When I first heard about the ‘sport’ of competitive eating, I had two reactions:
- It’s a sport?
- It’s really a sport?
What began as a rural novelty at county fairs involving homemade pies has somehow become a sport, with a governing body, sanctioned events, and over half a million dollars in annual prize money.
Most people point to ESPN for the sudden validation of recreational gorging. In the mid-seventies, the network televised the annual Nathan’s Famous hot dog eating contest from Coney Island for the first time, and strangely, people watched.
Putting aside why someone would enter the contest, I can’t imagine watching it. If I’m watching traditional sports, at least a part of the appeal is imagining (or remembering) me playing the sport.
What I’ve seen of competitive eating has never made me think, “If only it could be me up there on a makeshift stage eating really fast.”
And I don’t ever remember stuffing my face as a youngster and thinking, “If only I could turn pro at this, it could my ticket out of this town.” Don’t get me wrong – I’m no stranger to overeating…just watch me in Vegas at a buffet. But I do that once every ten years or so. I’ve never thought of ‘going pro.’
(Really, if we’re going to have people compete at basic bodily functions, why isn’t there a competitive sleeping championship? I’ve been in training for the opportunity for years. You could have local mattress stores sponsor matches.)
By the way, it’s not just hot dogs that these ‘athletes’ shove down their gullets. There are competitions for eating asparagus, baked beans, beef tongue, Buffalo wings, burritos, cabbage, catfish, chili, cow brain (?!), and donuts. And that’s just the first four letters! Proving that, if we put our minds to it, Americans can over-indulge in anything.
Most events are timed affairs, except for haggis-eating contests In those, I imagine the first person willing to eat haggis is automatically declared the world-record holder for haggis-eating.
side note: In Scotland, haggis is traditionally served with mashed potatoes and rutabagas. For centuries, this has allowed the Scots to ignore the fact that their national food is a mix of sheep heart, sheep liver and sheep lungs. Well, the whisky helps, too.
The International Federation of Competitive Eating (which sadly, is a real thing) oversees the big money events. They also enforce the rules about vomiting, and right there, you lose me as a sports fan. If throwing up is actually mentioned in the ground rules of the sport, I’m pretty sure I don’t want to watch it on a flat-panel hi-def screen.
Apparently, the competitors prefer to call themselves ‘gurgitators,’ which may be the least pleasant word any group of people has ever chosen to call itself. And they all have nicknames, so I guess in that sense, they’re like athletes.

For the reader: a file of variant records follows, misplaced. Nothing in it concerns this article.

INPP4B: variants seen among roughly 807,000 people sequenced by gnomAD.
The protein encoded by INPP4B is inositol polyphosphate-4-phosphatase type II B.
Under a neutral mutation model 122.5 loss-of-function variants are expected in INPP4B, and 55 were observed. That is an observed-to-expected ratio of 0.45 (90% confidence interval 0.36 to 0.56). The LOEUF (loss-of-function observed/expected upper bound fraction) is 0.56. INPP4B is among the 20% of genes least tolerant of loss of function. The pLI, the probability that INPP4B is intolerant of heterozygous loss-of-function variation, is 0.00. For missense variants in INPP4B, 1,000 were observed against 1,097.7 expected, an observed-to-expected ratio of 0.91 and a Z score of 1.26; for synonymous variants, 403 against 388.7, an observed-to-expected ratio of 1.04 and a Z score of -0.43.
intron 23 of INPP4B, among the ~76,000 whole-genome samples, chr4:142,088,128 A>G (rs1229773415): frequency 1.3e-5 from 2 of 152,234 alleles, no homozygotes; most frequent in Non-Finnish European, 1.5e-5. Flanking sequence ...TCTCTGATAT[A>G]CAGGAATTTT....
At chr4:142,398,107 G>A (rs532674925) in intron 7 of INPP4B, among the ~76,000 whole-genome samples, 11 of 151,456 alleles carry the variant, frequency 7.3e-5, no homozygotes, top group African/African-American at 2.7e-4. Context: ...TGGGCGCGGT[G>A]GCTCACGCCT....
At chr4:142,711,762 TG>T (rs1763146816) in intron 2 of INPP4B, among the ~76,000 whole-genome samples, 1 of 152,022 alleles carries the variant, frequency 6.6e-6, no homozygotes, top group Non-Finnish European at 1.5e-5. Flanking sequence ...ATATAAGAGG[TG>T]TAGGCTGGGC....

For example, there’s Don ‘Moses’ Lerman, who was quoted in an interview as saying “I’ll stretch my stomach until it causes internal bleeding.” Who says there are no heroes in professional sports?
The biggest name on the circuit is Joey ‘Jaws’ Chestnut, who started competing in college, and now holds several world ‘records.’ He used to be ranked second in the world, but like with any sport, there was a scandal; the former champion was stripped of his title and ranking by Major League Eating and the IFOCE for refusing to sign a contract which would have prevented him from competing in non-MLE sanctioned events. I swear I didn’t make up any of this.
Despite the fact that competitive eating doesn’t really make sense to me, I wanted to interview Joey Chestnut for this piece. Then I found out these guys all have agents, like real athletes! How exactly do you ‘represent’ someone who does this?
“Mr. Chestnut will not be participating in next month’s Pork Rind Championship, as we are negotiating with a very popular seafood restaurant regarding their annual oyster contest.”
It’s just as well I couldn’t connect with anyone in this scene, because I’m not sure what I would have asked. Things would have gone downhill after my first question:
“Do you realize that you could have fed several villages for a month with the amount of food you’ve forced into your pie hole during your ‘career’?
I want to laugh at all of this, but I don’t know that this is the best time in our nation’s history to glorify pigging out. I don’t want to be rude, but we could stand to cut back a bit, frankly.
My personal feelings aside, I have to admit that, on some level, competitive eating is classic Americana. It combines the two most characteristic American traits – gluttony and competitiveness.
More importantly, as a really rich country with lots of natural resources and a bad habit of messing around with other countries’ affairs, it’s probably good to keep things low profile. I believe competitive eating is the kind of activity that inspires the rest of the world to hate us just a little bit more.